MY TWO CENTS’: Taming inflation through food

My Two Cents by John Tria
My Two Cents by John Tria

Rice, fish, vegetables and meat among the highest contributors to the August inflation rate of 6.4 percent.

It is clear that we can no longer blame any other reason that our collective and historical inability to ramp up food production when we need more food.

A few specific reasons have been cited for this quick surge.

For one, our unemployment figures dropped to 5.4 from 5.6%. from July 2017 to July 2018. This drives up local demand for food and other commodities, making them scarce until the time that local farms can harvest enough to resupply local markets.

While waiting for harvests, prices will rise temporarily until new supply comes in to stabilize prices. The agriculture department has assured us that harvests will come by the end of the year.

Yet did a lower food supply cause inflation to rise?

To cite the example of Davao and Socksargen regions, they both have unemployment rates of 3%, 2.4 points better than the country’s, and their inflation rates are at 7%, also higher than the country’s. Did they buy more food because they had more money?

The variance in inflation rates across regions may indicate well some regions are more able to secure food supplies than others. Central Luzon comes to mind with its 3.6% inflation rate. Others, like some regions in the Visayas and Mindanao have regional information rates that have exceeded the country’s 6.4%.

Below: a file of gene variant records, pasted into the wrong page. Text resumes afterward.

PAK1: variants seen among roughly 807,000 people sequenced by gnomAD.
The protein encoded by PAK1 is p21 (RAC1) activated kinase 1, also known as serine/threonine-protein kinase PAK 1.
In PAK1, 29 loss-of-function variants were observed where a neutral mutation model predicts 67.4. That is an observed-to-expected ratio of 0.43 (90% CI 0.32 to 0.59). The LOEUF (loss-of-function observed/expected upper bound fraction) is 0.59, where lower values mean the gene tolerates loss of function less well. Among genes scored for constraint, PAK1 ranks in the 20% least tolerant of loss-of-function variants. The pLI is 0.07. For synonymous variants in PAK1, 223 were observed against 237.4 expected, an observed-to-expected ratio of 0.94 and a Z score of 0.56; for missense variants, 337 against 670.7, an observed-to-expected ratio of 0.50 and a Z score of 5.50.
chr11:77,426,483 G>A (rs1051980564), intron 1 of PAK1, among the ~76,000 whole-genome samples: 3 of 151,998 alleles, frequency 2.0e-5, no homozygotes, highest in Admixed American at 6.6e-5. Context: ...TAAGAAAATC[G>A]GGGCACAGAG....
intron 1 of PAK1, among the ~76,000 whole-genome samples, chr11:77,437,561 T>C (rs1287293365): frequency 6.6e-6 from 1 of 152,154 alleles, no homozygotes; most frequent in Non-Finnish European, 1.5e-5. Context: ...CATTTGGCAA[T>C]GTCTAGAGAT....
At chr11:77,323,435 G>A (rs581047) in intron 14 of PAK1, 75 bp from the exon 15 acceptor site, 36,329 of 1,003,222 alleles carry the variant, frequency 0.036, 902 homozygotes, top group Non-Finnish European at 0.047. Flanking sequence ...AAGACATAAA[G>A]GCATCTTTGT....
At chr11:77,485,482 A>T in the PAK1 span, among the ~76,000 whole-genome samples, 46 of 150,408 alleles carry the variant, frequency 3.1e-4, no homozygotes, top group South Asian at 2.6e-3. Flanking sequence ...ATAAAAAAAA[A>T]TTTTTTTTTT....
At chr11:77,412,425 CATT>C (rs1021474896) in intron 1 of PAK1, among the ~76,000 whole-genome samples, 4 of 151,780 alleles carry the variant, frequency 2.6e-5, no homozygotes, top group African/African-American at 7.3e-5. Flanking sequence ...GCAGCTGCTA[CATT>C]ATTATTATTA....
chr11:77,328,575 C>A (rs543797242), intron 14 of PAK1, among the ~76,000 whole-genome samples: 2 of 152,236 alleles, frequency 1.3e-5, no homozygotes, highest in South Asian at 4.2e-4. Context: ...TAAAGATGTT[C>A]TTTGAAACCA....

Being the country’s rice belt and having the second best producer of pork and chicken, and at the doorstep of the vegetable bowls of the cordillera and Nueva Vizcaya, costs of transport to and from region 3 is cheaper when compared with sending the produce to Metro Manila’s markets. The lower cost makes for cheaper goods.

A strong agriculture and food policy ought to make sure everyone has food at roughly the same price at the same time. A policy mix of programs to assure regional food production and supply and the timely importation of stocks to plug supply gaps are necessary.

Nonetheless, parsing these issues should challenge students of economics. These are not easy questions to ask.  Unfortunately, we don’t usually discuss regional economic trends such as these as much as we should, or do we have adequate reference numbers to guide our analysis.

Perhaps it is time that regional offices of the National Economic Development Authority come up with deeper data which can allow other stakeholders to compel more discussion in bodies such as regional development councils.

It is also time for deep reforms in agriculture to solve these long standing production issues.

In a statement, Finance Secretary Carlos Dominguez said “reforms in agriculture will continuously be implemented to address the supply issues causing the rise in food prices.”

“A committed effort from government in the agriculture sector to boost supply of key products and introduce policy reforms will bring down prices for all Filipino families,” Dominguez said.

Solving these problems will be a lasting legacy of thr current government.

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